Replace Conditional Logic with Strategy Pattern
When you have a method with lots of conditional logic (i.e., if statements), you're asking for trouble. Conditional logic is notoriously difficult to manage, and may cause you to create an entire state machine inside a single method.
- Analyzing the sample application
- Creating and running test
- Extracting methods
- Using Extract Delegate refactoring
- Fine tuning
- Implementing the abstract class
- Happy end
Analyzing the sample application
Here's a short example. Let's say, there is a method that calculates insurance costs based on a person's income:
Let's analyze this example. Here we see the four "income bands widths", separated into four calculation strategies. In general, they conform to the following formula:
Our goal is to provide separate classes to calculate each strategy, and transform the original class to make it more transparent.
Creating and running test
First of all, let's make sure that the class works. To do that, create a test class, using the JUnit4 testing framework.
Place the caret at the class name, and then press Alt+Enter (or click ). From the list of suggested intention actions, choose Create Test:
In the Create Test dialog, choose JUnit4 from the Testing library drop-down list, click Fix, if you do not have JUnit library, and then click OK:
The stub test class is created. However, you have to provide some meaningful code, using the provided quick fix () to create import statement:
Now let's run this test by clicking the run button in the left gutter, or by pressing Ctrl+Shift+F10:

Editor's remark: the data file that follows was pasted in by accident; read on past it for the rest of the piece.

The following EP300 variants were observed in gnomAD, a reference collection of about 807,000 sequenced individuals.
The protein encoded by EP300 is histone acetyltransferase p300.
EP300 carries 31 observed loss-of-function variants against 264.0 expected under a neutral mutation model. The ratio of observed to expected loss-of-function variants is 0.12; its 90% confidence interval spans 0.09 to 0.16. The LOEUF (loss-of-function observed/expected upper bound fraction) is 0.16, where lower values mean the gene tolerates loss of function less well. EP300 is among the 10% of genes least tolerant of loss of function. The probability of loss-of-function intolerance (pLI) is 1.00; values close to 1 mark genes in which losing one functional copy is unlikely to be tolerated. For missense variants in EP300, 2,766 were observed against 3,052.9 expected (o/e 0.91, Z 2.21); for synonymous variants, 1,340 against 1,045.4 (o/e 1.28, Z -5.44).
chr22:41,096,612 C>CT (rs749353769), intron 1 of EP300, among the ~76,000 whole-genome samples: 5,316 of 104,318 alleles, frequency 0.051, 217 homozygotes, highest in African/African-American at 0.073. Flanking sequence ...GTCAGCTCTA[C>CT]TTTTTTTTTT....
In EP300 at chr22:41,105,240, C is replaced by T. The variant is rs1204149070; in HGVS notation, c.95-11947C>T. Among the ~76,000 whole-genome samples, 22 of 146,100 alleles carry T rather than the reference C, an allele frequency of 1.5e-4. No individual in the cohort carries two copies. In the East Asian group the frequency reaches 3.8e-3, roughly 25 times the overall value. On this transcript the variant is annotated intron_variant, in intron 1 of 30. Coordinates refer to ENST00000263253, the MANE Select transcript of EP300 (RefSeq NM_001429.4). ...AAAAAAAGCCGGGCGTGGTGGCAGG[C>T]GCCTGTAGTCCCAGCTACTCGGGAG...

All 4 tests pass:
Next, bring forward the original class, place the caret at the expression
and invoke Extract Method Dialog dialog (Ctrl+Alt+M):
You get the following code:
Next, use the same Extract Method refactoring for for 60000, 0.02 and 105600 fragments, and create the methods
Using Extract Delegate refactoring
Next, select all the methods created in the previous chapter, and invoke the Extract delegate example refactoring:
The newly created class has the name
Then delete all the selected methods from the class
IfElseDemo. Thus you get the following two classes:
This code requires some modifications. First, let's change the class
Rename (Shift+F6) the field
Make this field not final.
Using the intention action, split it into declaration and initialization:
Move the initialization down to the corresponding
Get the following code:
Next, let's modify the class
InsuranceStrategyVeryHigh - invoke the Extract Superclass refactoring for it.
Mind the settings in the Extract Superclass Dialog dialog:
The name of the superclass to be generated is
All the methods of the class
InsuranceStrategyVeryHighare checked - it means that they will be included in the superclass.
calculateInsuranceStrategyVeryHighremains non-abstract; all the other methods are made abstract by selecting the Make Abstract checkboxes.
Agree to replace the usage of
InsuranceStrategyVeryHigh class (in
IfElseDemo class) with the superclass, and get the following
Implementing the abstract class
Next, for this abstract class, use Implement Abstract Class intention to create implementations for all strategies:
Name the new implementation classes
For all new implementations provide correct
return statements for the methods
Thus all implementation classes should look similar to the class
InsuranceStrategyVeryHigh, but with strategy-specific adjustment, weight and constant. For example:
Note that in all newly created implementation classes the class names are grey - they are not used so far.
Next, bring forward the class
IfElseDemo, and modify all the branch bodies so that they initialize the
strategy field, like in the last branch:
Finally, rename the method
calculateInsuranceVeryHigh: bring forward the class
InsuranceStrategy, place the caret at the method name and press Shift+F6. The new name should be
And finally enjoy the code:
Next, let's run the test class again. All tests should pass – we have refactored the code, but it still produces the same results.